Mouthwash Tablets 

Mouthwash tablets are quite similar to toothpaste tablets. They’re very convenient, and you can use them on the go. All you do is drop a tablet into a glass of water and swish it around your mouth as you would traditional mouthwash. And many products come in glass jars, which is also a plus for the environment.  

 

Oil Pulling 

This is yet another alternative to using conventional mouthwash. Oil pulling refers to the practice of swishing oil (e.g., coconut, olive, sesame, etc.) around in your mouth for 15 to 20 minutes at a time. It can be done as often as three times per day, though some individuals find doing it once a week to be beneficial. 

There are many benefits associated with oil pulling. It can kill harmful oral bacteria, fight cavities, whiten teeth, reduce inflammation, and boost overall gum health. For some individuals, it has even been shown to mitigate bad breath. It’s also inexpensive and easy to incorporate into your daily routine; you can do household tasks, work, and/or do various other activities while oil pulling.  

 

Charcoal/Baking Soda for Whitening 

Teeth whitening is also a practice you can do from home while being conscious of the environment. Conventional whitening systems may work well, but they add waste to the ecosystem and consume energy during the packaging and shipping processes.  

One solution is to use eco-friendly toothpaste that contains activated charcoal. In such a toothpaste, the charcoal binds to plaque and removes surface stains from teeth. Baking soda is also an effective option for teeth whitening, as it’s a natural abrasive. Mix baking soda and olive oil in a glass jar to keep in your bathroom. You might be surprised by the difference brushing with this mixture can make; even once a week can whiten your teeth significantly.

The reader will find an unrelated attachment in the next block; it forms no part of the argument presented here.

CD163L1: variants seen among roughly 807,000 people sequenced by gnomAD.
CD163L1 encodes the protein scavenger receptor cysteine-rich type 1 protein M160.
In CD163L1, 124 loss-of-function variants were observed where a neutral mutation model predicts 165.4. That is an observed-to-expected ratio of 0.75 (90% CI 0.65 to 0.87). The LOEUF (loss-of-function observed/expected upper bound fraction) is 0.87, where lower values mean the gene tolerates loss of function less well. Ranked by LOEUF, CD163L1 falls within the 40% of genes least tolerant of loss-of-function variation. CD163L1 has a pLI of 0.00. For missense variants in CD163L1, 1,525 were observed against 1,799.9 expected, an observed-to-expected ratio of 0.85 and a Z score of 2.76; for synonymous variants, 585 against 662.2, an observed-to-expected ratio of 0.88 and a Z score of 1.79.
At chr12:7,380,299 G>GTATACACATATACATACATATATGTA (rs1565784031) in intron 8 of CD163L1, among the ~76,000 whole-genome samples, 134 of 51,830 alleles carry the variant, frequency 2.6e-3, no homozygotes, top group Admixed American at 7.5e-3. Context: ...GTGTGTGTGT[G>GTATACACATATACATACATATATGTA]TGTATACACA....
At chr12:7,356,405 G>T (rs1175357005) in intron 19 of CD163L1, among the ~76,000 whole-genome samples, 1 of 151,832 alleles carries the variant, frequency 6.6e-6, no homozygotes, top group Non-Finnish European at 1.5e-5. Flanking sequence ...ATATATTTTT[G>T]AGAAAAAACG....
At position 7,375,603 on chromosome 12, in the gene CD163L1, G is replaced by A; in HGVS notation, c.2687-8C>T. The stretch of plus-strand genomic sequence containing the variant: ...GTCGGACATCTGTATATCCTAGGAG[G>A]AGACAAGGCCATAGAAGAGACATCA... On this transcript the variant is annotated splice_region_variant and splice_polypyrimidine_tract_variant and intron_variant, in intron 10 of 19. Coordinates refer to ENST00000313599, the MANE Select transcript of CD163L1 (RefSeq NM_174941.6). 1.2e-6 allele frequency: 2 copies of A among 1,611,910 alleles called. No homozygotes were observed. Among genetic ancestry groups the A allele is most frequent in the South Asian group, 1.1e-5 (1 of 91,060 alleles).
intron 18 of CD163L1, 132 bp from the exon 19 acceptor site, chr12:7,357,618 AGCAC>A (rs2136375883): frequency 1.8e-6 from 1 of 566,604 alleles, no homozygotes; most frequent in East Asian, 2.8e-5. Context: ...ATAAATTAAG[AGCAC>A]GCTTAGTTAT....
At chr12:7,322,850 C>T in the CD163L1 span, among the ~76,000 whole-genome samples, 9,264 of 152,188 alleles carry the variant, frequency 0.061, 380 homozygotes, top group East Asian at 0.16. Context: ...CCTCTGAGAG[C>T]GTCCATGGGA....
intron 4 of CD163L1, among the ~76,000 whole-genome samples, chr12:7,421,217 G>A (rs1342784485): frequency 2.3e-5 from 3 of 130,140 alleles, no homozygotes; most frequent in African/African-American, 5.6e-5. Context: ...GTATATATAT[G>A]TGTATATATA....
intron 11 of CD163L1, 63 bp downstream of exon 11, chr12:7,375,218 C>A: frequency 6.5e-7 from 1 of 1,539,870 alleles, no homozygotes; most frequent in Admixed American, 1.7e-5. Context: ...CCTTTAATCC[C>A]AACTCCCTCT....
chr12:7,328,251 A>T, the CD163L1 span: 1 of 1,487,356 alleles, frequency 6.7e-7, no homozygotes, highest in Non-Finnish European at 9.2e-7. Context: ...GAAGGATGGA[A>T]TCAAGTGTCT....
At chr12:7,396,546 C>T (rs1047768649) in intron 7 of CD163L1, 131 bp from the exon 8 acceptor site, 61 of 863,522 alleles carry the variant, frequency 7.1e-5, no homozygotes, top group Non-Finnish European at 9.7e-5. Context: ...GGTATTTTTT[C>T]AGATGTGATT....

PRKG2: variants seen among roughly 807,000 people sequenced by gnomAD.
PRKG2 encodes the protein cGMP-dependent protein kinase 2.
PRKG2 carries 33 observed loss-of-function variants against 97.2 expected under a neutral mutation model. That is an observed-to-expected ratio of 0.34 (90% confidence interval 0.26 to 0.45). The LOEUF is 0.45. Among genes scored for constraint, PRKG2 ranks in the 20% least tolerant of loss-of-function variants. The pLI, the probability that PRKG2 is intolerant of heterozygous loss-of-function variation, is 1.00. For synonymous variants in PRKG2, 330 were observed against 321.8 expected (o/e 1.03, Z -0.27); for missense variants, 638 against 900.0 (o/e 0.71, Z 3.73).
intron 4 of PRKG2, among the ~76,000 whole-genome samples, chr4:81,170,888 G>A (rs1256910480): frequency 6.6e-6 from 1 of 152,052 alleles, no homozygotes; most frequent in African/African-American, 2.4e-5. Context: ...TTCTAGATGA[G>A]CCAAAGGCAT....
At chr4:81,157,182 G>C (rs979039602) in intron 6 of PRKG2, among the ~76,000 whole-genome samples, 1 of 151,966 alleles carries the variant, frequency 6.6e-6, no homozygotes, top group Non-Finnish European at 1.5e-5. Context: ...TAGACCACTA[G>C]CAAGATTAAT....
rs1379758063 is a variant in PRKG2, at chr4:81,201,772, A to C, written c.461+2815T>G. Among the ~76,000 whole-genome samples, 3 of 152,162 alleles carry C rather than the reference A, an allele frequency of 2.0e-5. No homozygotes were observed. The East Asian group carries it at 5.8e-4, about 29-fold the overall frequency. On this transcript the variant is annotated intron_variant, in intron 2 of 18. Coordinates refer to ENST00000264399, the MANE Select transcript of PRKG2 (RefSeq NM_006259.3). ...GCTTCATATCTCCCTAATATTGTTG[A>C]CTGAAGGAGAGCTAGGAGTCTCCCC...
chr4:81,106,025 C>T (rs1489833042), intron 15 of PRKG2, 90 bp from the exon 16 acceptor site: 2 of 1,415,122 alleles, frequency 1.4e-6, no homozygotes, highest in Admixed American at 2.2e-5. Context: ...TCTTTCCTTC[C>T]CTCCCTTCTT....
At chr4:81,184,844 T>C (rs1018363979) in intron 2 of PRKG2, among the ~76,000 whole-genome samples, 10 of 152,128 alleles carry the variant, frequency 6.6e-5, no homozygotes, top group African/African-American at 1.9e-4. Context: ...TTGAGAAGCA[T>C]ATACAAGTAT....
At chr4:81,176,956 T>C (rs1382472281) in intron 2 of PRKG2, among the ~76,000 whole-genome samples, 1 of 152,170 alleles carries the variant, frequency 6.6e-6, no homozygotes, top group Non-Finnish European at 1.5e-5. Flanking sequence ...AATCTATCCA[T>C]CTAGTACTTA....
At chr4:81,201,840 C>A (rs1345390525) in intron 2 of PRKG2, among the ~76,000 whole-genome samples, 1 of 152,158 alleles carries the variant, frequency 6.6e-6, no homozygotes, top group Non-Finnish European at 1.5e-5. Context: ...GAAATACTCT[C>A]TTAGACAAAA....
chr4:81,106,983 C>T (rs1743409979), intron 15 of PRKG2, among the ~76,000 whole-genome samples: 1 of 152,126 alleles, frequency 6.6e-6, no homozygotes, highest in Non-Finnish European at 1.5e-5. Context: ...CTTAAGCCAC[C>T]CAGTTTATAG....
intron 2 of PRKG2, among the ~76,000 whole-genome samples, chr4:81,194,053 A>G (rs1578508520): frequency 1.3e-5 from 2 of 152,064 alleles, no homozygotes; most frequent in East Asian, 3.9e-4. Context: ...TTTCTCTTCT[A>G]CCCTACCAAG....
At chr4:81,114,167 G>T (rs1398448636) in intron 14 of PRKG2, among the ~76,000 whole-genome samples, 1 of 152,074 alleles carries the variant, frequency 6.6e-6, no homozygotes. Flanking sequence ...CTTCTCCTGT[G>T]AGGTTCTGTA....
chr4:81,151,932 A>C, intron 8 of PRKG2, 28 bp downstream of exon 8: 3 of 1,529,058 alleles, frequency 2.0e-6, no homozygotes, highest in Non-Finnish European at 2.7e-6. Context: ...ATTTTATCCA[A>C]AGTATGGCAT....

Conserving Water 

Finally, each of us can contribute to a healthier environment by being conscious of how much water we use daily. This includes when we brush our teeth. Each time you brush, make sure you turn off the water after you wet your toothbrush, and leave it off until you rinse. If you want to take it a step further, keep a cup on your sink to use for rinsing, which will require less water than using your hand. And be sure to instill these habits into your kids! 

 

Conclusion  

As more and more people become conscious of how they can preserve the planet, green movements continue to rise. Green dentistry promises to gain traction with the years to come, and South Charlotte Dentistry is eager to participate in protecting our environment and providing social value to our community.  

Along with dental offices changing how they do things, consumers also have a responsibility to take steps toward fostering the health of our environment. Consider the information and advice above to figure out how you can implement eco-conscious dental health practices in your everyday life. Here’s to a healthier, happier environment for generations to come!